Arteries of the Empire

The Great Yu, the semi-mythical founder of the Xia Dynasty in the 21-20th century BC, was the father of China's early water control system. Through the succeeding millennia, his descendants were among the earliest developers of hydraulic engineering in the world - a system of immense scale and technical sophistication, whose legacy survives and is still in use today.

While escaping the wrath of periodic floods remained a primary emphasis, these works were also the key to China's agricultural productivity and the basis of an extensive inland water-borne transport system. Sima Qian, the 2nd-century BC historian discusses 11 major canal projects built before his own time, most of which were consciously designed to provide both transportation and irrigation.

One of these, near present-day Chengdu in Sichuan, is the Capital River Weir. Built in about 240 BC, it "made, and still makes today, the Chengdu plain the most fertile area in all of China," according to Lyman Van Slyke, a Stanford University sinologist. The designer, Li Bing, cut through the shoulder of a hill to open a new channel off the Min River. And to ensure a constant flow in the channel, he built an artificial island buttressed with stone weirs dividing the waters upstream. The deep, narrow (30m wide) cut in the hill limits the amount of water that can pass through, forcing excess water back across the island to the main stream through a spillway when the river is high. The system is still in use today, supplying water to Chengdu city and nearby areas containing more than 5 million people.

The major rivers in China run west-to-east dividing the country into distinct north-south regions. Canal transport was crucial to the unification of China as a continental empire. Near present-day Guilin in Guangxi province, the 30-km "Magic Canal" connects the north-flowing Xiang River, a tributary of the Yangtze (alsoYangzi), to the Li River, which joins the Gui River to flow south to the West River and then to Canton. Built at about the same time as the Capital River Weir, it is the first contour transport canal ever built in the world, and it is the reason why southeast China is part of China. This canal provided direct waterborne transport from north China to as far south as Canton.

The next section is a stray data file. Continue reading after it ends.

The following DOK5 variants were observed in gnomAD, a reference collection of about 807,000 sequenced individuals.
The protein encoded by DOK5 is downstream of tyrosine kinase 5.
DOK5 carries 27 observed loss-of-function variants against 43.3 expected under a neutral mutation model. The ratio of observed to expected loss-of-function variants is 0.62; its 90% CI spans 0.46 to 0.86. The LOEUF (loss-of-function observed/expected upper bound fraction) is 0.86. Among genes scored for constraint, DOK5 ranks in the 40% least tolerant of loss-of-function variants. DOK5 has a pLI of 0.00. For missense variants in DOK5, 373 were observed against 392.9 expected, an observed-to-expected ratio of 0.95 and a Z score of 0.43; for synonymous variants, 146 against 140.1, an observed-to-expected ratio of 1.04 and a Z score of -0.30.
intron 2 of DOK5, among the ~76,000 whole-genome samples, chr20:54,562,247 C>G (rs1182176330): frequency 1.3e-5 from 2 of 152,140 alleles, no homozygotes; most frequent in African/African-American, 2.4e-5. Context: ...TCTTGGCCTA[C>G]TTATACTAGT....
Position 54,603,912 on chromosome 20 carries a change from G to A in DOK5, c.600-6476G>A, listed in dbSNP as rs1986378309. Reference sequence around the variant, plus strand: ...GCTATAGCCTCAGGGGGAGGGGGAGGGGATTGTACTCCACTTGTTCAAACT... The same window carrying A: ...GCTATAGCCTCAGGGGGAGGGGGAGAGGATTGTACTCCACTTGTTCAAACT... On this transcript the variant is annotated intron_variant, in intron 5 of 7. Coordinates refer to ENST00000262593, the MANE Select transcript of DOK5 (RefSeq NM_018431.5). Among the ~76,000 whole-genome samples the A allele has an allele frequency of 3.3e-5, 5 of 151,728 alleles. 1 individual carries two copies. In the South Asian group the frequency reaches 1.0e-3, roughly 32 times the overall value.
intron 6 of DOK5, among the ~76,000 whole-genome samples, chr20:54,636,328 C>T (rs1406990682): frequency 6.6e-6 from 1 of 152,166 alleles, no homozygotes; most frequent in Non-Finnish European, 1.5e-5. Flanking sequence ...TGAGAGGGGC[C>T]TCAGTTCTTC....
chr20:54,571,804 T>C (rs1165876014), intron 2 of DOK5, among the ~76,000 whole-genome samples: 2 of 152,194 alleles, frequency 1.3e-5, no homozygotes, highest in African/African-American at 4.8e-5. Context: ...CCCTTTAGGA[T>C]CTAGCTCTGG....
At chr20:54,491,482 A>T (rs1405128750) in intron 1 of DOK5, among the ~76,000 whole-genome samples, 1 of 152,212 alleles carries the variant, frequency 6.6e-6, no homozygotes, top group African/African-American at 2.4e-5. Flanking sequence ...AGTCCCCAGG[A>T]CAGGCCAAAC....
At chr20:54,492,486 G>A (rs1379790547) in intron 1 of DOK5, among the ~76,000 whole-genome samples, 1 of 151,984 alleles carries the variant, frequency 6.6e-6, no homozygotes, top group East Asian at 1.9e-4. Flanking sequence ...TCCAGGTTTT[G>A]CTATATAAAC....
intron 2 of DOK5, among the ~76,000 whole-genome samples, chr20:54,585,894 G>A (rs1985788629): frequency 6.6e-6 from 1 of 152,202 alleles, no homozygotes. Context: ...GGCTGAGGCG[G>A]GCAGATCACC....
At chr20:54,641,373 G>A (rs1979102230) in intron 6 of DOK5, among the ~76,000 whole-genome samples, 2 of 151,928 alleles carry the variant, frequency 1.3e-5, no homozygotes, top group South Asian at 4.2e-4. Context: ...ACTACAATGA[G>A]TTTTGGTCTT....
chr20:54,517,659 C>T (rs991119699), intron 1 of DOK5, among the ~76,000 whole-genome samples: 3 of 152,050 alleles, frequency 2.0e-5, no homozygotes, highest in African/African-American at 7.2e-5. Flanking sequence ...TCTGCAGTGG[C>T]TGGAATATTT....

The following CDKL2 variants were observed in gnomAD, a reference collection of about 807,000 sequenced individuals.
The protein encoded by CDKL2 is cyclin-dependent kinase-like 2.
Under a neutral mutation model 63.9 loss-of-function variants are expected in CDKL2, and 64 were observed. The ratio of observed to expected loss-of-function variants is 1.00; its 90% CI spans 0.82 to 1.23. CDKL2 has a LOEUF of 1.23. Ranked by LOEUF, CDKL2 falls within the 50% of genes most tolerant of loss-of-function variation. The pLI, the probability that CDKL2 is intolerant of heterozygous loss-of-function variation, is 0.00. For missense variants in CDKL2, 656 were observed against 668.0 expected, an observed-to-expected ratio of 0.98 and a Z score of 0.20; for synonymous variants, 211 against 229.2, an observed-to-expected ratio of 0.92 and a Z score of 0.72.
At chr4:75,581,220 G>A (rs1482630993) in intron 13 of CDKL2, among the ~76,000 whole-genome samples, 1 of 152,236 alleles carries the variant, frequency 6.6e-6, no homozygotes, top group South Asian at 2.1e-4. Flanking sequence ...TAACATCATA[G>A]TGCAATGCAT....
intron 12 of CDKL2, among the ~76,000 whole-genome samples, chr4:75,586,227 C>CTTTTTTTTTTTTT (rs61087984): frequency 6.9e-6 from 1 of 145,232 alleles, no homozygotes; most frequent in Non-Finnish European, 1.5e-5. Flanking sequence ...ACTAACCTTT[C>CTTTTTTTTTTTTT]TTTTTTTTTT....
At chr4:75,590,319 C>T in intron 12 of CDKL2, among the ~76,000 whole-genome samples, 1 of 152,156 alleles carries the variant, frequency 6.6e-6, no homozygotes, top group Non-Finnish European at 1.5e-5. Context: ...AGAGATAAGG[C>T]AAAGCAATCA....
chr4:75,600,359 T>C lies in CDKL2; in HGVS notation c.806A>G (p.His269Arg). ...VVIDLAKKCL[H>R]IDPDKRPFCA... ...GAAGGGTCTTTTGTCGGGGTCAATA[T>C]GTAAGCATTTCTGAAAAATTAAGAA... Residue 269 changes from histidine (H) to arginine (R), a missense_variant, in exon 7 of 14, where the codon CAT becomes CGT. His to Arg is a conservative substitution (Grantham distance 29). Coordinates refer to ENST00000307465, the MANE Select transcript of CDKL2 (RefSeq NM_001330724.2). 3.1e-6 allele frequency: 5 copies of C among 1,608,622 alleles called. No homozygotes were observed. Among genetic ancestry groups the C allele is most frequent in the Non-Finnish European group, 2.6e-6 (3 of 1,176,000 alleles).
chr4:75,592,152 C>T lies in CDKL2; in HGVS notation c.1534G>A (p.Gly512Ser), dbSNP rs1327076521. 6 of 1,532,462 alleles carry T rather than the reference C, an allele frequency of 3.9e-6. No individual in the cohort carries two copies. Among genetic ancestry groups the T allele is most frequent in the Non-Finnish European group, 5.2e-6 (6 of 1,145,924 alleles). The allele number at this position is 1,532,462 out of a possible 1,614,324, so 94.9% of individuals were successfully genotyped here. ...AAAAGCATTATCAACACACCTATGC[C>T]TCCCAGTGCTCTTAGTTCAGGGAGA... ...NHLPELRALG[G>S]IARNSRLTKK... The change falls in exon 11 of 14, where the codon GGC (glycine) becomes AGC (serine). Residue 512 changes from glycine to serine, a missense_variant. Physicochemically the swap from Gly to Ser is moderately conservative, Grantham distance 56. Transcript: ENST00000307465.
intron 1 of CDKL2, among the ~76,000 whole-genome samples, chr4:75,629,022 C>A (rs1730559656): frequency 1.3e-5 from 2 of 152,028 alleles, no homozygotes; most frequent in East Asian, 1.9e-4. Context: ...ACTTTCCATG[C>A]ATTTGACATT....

The "Magic Canal" is unusual in that it was built exclusively for military purposes. Sima Qian records that the Qin Emperor sent fighting men on "boats with deckcastles to conquer the tribes of southeast China.

Lu's scheme uses a diversion head and a series of spillways similar to that of the Capital River Weir to precisely control the amount of water flowing in the canal in all seasons. A separate 2.5km lateral canal cuts across a bend in the Xiang River to moderate its flow near the canal intake. The banks of the canal are lined with stone. In the 12th century it could accommodate barges and other vessels of up to 35 tonnes capacity.

Untold numbers of war barges, soldiers and supplies crossed the divide from present-day Hunan on this canal during the Han Dynasty to complete the conquest of southeast China.

The Grand Canal is the most well-known example of pre-modern Chinese hydraulic engineering. The main course of the original Grand Canal, completed in 605 by connecting several pre-existing canal sections, facilitated shipment of grain from the productive lower Yangtze valley to the Sui capital near Loyang.

South of the Yangtze, the canal continued through the rich delta region as far as Hangzhou, forming the main trunk of a dense network of canals with connections to every town and important village. A sophisticated culture developed in this highly productive region, focused on wealthy canal cities such as Suzhou, Changzhou, Hangzhou and Shaoxing. A new canal section extended north of the Yellow River to near present-day Peking, forming a Y-shaped system totaling about 2,500 km.

A new canal was constructed after the Mongol invasion in the 13th century to ship Yangtze Valley grain direct to the new Yuan capital at Peking. This modern Grand Canal has continued in uninterrupted use to the present day, though there has been no through traffic since 1855, when a drastic change in the course of the Yellow River made part of the mid-section of the canal impassable.

This was not just a big ditch. North of the Yangtze, the canal must ascend a gradual slope to a summit more than 40 m higher than its starting point, requiring a complex system of locks, feeder lakes and lateral canals to maintain the appropriate water level in different sections o the canal as boats were slowly raised up the hill.

During Ming times (1355-1644), the Grand Canal carried from as much as 350-400,000 tonnes of grain every year, the lifeblood of the empire. The Ming eventually followed the Yuan Dynasty precedent by relocating its capital in Peking to direct the large garrisons in the north to counter the threat of renewed Mongol invasion from beyond the Great Wall.

Robert Delfs. Reprinted with permission from the Far Eastern Economic Review, 15 March 1990, pp. 28-29.

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